Now we can look at a scenario where vitamin D3 helps prevent CH and MH.  Although the exact mechanism(s) of action remain unclear, several studies have identified the likely candidates in this scenario.  The key candidates involved include molecules of the genetically active vitamin D3 metabolite 1,25(OH)2D3, several molecular forms of retinoic acid, (retinol, retinyl, referred to as reinoids), a vitamin D receptor (VDR) a retinoid-X receptor (RXR) and an RNA sequence.  It's interesting to note that the VDR and RXR are also products of genetic expression.
    The following graphic illustrates where a molecule of 1,25(OH)2D3 and a molecule of retinoic acid combine to form a heterodimer, a two molecule polymer made of dissimilar molecules, that then attracts and attaches to a VDR and RXR.  This complex then attaches to the RNA portion of DNA at a Vitamin D Receptor Element (VDRE) to initiate transcription, the process of making an exact copy of the RNA sequence that's now called mRNA.
     

    This is where things get fuzzy...  The likely scenario here is where this particular process involves a genetic sequence responsible for expressing CGRP and in this case, vitamin D3 down-regulates its expression lowering the cellular concentration of CGRP to the point it is no longer capable of triggering CH.  Like I said, things get fuzzy here as a 2010 research study identified 2776 genomic positions occupied by the VDR and 229 genes with significant changes in expression in response to vitamin D3.
    So there you have a Navy fighter pilot's thinking how vitamin D3 prevents CH...  and yes, I have a degree in chemistry circa '67.
    Take care,
    V/R, Batch
  13. Thanks
    Siegfried got a reaction from dmlonghorn in yoga   
    Hi Anthony,
    I have done traditional hatha yoga for 12 years on an intensive level and I finally stopped it as it always had a devastating effect on my headaches. Both on migraine and cluster headache. I always thought it was not possible yoga could make my condition worse but finally have to acknowledge it actually does.
    Yoga addicts can pretend whatever they want but in my case, yoga has done absolutely nothing for my headaches, on the contrary, these exercises are pushing a lot of energy to the head and just intensify the headaches and make it worse overall. I have stopped practicing for 6 months now and I have seen a slight improvement over time and no more so often these violent breakout of attacks (both migraine and cluster).
    My suggestion: stay away from any indoors activity and do something outside in the open air. However if you believe in the yoga hype, don't hesitate to try it and if it worsen your condition, you can be sure yoga is the culprit. I think for our condition, tai-chi and chi-gong are better choices if one is looking into Eastern mind-body oriented practices.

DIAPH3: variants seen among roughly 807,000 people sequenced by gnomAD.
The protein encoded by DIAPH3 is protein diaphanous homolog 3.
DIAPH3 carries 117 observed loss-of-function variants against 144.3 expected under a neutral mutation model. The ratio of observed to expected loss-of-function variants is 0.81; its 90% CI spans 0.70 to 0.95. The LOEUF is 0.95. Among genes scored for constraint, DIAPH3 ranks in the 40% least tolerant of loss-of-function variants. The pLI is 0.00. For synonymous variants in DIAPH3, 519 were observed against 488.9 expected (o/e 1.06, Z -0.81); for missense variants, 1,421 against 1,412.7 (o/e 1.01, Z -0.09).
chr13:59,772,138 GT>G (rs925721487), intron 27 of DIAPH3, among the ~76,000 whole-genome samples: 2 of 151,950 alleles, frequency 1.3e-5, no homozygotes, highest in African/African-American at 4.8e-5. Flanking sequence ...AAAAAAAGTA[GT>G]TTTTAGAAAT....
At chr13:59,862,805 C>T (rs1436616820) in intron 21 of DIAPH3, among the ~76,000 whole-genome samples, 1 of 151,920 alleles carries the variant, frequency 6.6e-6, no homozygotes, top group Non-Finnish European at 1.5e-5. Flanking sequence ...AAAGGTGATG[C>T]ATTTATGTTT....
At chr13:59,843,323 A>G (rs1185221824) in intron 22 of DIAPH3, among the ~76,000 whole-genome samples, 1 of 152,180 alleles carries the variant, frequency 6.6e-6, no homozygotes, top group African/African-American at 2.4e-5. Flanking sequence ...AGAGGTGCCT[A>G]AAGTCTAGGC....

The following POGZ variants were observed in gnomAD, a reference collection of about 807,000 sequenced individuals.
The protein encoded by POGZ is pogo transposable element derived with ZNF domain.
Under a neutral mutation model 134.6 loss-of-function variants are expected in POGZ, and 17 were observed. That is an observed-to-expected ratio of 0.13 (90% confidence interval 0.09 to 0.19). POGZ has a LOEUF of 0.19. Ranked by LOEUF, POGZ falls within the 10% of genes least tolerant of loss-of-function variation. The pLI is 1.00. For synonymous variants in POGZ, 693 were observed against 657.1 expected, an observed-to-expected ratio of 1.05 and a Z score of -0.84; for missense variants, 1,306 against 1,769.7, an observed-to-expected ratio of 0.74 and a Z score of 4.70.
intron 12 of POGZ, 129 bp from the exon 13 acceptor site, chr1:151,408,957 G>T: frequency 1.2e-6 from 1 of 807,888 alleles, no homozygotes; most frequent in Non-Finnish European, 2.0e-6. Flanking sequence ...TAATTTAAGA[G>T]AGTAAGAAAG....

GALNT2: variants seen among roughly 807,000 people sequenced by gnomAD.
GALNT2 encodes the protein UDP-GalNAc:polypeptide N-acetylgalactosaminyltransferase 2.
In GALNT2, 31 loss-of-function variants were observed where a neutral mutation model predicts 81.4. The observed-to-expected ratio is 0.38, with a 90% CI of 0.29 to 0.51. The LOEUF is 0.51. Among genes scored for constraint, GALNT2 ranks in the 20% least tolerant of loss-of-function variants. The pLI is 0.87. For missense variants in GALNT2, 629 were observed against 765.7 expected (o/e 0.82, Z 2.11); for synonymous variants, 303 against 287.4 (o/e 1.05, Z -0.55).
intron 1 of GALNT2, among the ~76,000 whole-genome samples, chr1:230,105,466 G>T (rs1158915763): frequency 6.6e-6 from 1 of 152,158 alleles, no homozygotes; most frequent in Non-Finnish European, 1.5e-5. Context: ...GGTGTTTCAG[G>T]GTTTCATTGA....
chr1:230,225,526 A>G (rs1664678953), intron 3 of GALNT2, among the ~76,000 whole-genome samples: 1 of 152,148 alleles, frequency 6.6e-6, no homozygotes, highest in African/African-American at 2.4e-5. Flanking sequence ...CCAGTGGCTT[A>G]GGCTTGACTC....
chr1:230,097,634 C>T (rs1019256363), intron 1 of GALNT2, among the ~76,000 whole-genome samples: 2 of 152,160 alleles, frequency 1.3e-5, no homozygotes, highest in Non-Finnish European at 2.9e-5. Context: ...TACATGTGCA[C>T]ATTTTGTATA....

All the best !
    siegfried
  14. Like
    Siegfried got a reaction from Brain on fire in Sumatriptan Help   
    Hello Nikki,
    I am not sure if triptans can use rebounds but they definitely can cause Medication Overuse Headache (MOH). This is a different headache and IHC has a proper classification for it:
    -------------------
    8.2.2 Triptan-overuse headache
    Description:
    Headache occurring on 15 or more days/month in a patient with a pre-existing primary headache and developing as a consequence of regular use of one or more triptans on 10 or more days/month for more than 3 months. It usually, but not invariably, resolves after the overuse is stopped.
    Diagnostic criteria:
    Headache fulfilling criteria for 8.2 Medication-overuse headache Regular intake of one or more triptans1, in any formulation, on ≥10 days/month for >3 months. -----------------------
    Now its a bit a choice here between the pest and cholera. Or you take your cluster attacks as they come without MOH risk or the clusters are so painful that MOH is a small price to pay for getting rid of them.
    Sumatriptan injections are suggested here. This is indeed more effective against CH attacks and its presented as the standard treatment but also keep in mind that the injections put more pressure on the heart than the pills. When I have a CH flare-up, the attacks follow each other up in rapid succession with continuous background pain in between. So for me the pills are the safer option than injections. I do not use injections but a nasal spray in the worst case (Zolmitriptan for both the pills and nasal). I can also tell you that, if you decide to use the pills, there are much better triptans available than Sumatriptan. You have fast acting ones such as Eletriptan and Rizatriptan or slow acting ones like Frovatriptan or Naratriptan. 
    Having said that, keep trying with the oxygen. There are several masks, breathing techiques possible you can try as Chris pointed out but if you can get it working, its a huge benefit !
    For me oxygen works like magic. Rebreather, non-rebreather, high-flow, lower-flow, it all does not matter. Whenever I breath in that stuff, the pain goes away within 10 minutes in most of the cases. Even if I stop oxygen after 15 minutes with still 20 % of the pain remaining, that pain also goes away during the next minutes. With oxygen, I have managed to cut down my triptan usage with around 70 %. So it's worth further trying it but patience and creativity is key here.
    All the best !
    siegfried